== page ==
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In Defense of Becky with the Good Hair: Why the Trope of the Homewrecker is Sexist

In Defense of Becky with the Good Hair: Why the Trope of the Homewrecker is Sexist

by Megan Huynh

 

On April 23, 2016, my life was shaken to the core. I, like, hundreds of other Americans, had huddled in front of my TV, ready to partake in the glory of Beyoncé’s visual album Lemonade. Song after song, I felt an entire spectrum of emotions, as Queen Bey wove the story of a woman dealing with infidelity and revenge, after discovering her partner’s infidelity, which many came to believe was actually about Beyoncé and her husband of 12 years, Jay Z. The song that caused the most outrage was “Sorry,” in which she croons stabbing lyrics, such as “Looking at my watch he should’ve been home/Today I regret the night I put that ring on.” One line in particular sparked the strongest reaction, when Beyoncé casually dismisses her lover, telling him that “he better call Becky with the good hair.” 

Upon hearing this line, fans around the world became indignant, searching for the true “Becky with the good hair.” One by one, as the Beyhive attacked, Rita Ora, Rachel Roy, and even mistakenly, Rachael Ray were subject to death threats and a wave of dreaded lemon emojis on their Instagram pictures. Roy even had to make her Instagram private to stop the deluge of menacing remarks she was receiving by the thousands following the release of Lemonade. However, while all the drama ensued during the hunt for Becky with the good hair, rarely anyone paid attention to the person who started the conflict in the first place: Jay Z. 

This common theme of punishing the woman who “stole the man”, labeling her as a homewrecker and ostracizing her for ruining a relationship that is not her own, is ultimately damaging to society. When we as members of society shame a woman for being a homewrecker, we continue to perpetuate the patriarchal notion that women have the sole responsibility of destroying another relationship, luring the man away with her evil feminine wiles. However, we fail to recognize that the act of homewrecking actually requires two players, recalling the idiom “It takes two to tango.” As hard as the woman may try to steal a man away from someone else, it is essentially up to the man to decide whether to accept or reject her advances, which is what we fail to recognize when we are quick to judge a woman for being a homewrecker. Although, yes, it is ignoble to be in an extramarital affair entirely, just rebuking the women while letting the men continue on unpunished reflects the sexist norms that are still rampant in society.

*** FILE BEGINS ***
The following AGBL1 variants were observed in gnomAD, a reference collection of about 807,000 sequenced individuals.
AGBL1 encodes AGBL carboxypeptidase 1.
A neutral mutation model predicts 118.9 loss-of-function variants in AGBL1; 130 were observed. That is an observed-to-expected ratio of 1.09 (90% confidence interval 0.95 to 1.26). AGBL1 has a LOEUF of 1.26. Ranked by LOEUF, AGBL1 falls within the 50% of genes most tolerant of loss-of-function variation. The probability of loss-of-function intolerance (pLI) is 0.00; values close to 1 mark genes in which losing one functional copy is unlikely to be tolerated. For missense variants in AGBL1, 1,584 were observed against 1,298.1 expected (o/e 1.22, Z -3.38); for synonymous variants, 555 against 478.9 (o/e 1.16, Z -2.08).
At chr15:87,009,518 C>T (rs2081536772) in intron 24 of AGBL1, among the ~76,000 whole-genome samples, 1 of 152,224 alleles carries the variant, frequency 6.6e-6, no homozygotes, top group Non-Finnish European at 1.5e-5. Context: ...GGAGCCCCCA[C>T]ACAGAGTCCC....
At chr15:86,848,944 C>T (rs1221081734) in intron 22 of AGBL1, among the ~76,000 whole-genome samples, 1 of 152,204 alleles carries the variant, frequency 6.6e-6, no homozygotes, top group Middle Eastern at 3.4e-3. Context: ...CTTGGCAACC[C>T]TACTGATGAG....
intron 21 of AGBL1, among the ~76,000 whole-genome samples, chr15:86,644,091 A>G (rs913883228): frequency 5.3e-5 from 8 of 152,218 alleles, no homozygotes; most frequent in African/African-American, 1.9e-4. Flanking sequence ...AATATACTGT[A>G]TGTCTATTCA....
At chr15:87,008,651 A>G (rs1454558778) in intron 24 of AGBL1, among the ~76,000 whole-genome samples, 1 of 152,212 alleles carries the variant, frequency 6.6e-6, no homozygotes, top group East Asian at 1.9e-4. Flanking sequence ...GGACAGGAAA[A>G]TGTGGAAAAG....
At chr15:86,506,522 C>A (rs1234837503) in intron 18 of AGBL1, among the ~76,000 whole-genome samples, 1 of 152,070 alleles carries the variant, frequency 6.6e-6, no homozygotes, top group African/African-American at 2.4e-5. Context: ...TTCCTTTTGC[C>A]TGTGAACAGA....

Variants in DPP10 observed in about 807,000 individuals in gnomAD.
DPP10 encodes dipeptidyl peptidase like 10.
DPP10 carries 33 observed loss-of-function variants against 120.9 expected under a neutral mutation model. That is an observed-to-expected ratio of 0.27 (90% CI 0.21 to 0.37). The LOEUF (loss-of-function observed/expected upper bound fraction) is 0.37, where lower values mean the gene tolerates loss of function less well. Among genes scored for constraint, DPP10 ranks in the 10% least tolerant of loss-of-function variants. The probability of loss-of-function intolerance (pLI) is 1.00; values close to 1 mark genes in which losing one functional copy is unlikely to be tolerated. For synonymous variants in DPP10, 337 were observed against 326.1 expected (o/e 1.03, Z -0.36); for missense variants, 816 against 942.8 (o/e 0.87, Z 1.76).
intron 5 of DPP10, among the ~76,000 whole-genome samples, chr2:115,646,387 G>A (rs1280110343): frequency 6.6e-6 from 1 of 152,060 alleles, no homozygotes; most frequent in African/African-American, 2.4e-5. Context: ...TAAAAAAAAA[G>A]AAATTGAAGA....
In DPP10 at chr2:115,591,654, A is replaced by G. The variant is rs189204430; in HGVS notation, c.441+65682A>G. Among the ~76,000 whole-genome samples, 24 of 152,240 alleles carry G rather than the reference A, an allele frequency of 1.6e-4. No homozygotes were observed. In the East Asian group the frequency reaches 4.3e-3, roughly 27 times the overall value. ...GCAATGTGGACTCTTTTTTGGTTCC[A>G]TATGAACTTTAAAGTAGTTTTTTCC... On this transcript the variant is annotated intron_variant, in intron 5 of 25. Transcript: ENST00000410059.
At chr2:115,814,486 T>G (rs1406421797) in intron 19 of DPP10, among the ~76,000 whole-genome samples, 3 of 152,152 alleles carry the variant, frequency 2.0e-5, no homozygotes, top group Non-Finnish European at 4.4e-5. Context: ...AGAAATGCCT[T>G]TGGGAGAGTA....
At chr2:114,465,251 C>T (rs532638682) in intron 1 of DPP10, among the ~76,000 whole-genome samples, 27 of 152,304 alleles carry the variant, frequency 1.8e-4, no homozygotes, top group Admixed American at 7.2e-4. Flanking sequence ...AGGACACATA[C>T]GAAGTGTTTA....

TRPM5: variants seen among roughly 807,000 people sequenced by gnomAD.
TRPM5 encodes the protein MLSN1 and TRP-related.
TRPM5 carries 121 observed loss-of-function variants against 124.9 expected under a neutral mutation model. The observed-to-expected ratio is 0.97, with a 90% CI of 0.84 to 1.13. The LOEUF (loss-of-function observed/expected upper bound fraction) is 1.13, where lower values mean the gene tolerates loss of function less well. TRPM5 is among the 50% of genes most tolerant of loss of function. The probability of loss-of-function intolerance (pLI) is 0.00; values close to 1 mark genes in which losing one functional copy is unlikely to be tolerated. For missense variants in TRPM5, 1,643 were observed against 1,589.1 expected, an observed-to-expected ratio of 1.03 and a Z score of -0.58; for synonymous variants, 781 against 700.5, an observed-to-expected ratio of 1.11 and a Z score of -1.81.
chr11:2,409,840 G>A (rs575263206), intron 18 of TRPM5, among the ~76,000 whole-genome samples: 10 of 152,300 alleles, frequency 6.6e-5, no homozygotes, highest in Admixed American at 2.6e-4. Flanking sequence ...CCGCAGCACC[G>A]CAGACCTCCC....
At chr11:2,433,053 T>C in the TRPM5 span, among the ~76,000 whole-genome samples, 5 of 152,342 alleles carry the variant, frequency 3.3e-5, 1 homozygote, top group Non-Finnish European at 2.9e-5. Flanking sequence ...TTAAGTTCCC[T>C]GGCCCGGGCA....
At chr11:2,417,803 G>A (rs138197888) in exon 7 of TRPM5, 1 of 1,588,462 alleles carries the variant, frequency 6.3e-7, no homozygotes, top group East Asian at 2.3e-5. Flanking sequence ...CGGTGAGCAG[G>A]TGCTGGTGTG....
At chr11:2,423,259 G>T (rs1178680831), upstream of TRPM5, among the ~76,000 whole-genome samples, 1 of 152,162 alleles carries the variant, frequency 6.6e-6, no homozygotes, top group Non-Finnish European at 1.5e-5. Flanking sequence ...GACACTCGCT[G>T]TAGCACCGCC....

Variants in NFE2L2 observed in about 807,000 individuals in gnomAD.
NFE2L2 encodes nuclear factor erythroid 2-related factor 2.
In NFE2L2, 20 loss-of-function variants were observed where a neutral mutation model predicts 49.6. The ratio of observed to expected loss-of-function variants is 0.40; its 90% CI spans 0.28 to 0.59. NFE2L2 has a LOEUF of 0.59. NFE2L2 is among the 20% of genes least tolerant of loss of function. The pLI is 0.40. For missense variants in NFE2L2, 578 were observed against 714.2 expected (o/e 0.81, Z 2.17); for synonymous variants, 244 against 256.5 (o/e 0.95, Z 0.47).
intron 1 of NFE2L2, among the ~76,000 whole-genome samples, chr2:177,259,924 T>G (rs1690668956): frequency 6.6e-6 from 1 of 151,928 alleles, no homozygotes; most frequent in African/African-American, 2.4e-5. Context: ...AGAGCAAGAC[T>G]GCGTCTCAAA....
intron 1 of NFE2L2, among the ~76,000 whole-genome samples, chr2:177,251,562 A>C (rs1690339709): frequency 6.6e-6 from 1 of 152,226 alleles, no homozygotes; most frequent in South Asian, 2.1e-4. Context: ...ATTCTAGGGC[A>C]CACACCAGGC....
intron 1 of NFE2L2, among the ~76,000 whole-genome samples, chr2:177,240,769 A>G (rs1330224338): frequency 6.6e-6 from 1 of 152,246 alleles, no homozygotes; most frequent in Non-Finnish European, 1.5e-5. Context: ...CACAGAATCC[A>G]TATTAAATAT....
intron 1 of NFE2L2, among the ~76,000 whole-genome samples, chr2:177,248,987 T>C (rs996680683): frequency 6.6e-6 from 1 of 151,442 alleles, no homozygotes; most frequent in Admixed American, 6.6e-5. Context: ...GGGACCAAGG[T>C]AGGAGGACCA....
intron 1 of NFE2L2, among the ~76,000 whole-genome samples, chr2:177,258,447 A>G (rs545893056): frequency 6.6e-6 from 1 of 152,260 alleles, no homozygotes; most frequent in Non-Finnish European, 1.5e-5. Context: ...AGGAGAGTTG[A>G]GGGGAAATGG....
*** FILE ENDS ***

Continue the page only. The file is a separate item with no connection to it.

Not only does this account for another example of the double standards that women face every day, but it also contributes to the slut shaming that is still prevalent as well. Society continues to feel the need to debase the value of women if they are too sexual, in any way. Similarly, in the case of the homewrecker, many feel the need to shame her for being too sexually attractive or not being able to control her sexual desires, thus stealing a man in the process. Even other women, who are still subject slut shaming and double standards in their lives, contribute in this debasing of homewreckers -- an example of female on female crime that should be avoided. 

Ultimately, the trope of the homewrecker is one that should no longer exist. It is not singularly the blame of the woman for ruining a relationship and the stigma surrounding this should not just be focused around women. When you are about to shame a homewrecker, just remember this saying that she could not have wrecked that home if the man had not opened the door. So on behalf of all my fellow members of the Beyhive, I’d like to apologize to Rachel Roy, Rita Ora, and any other women who were threatened and shamed during the hunt for Becky with the good hair.


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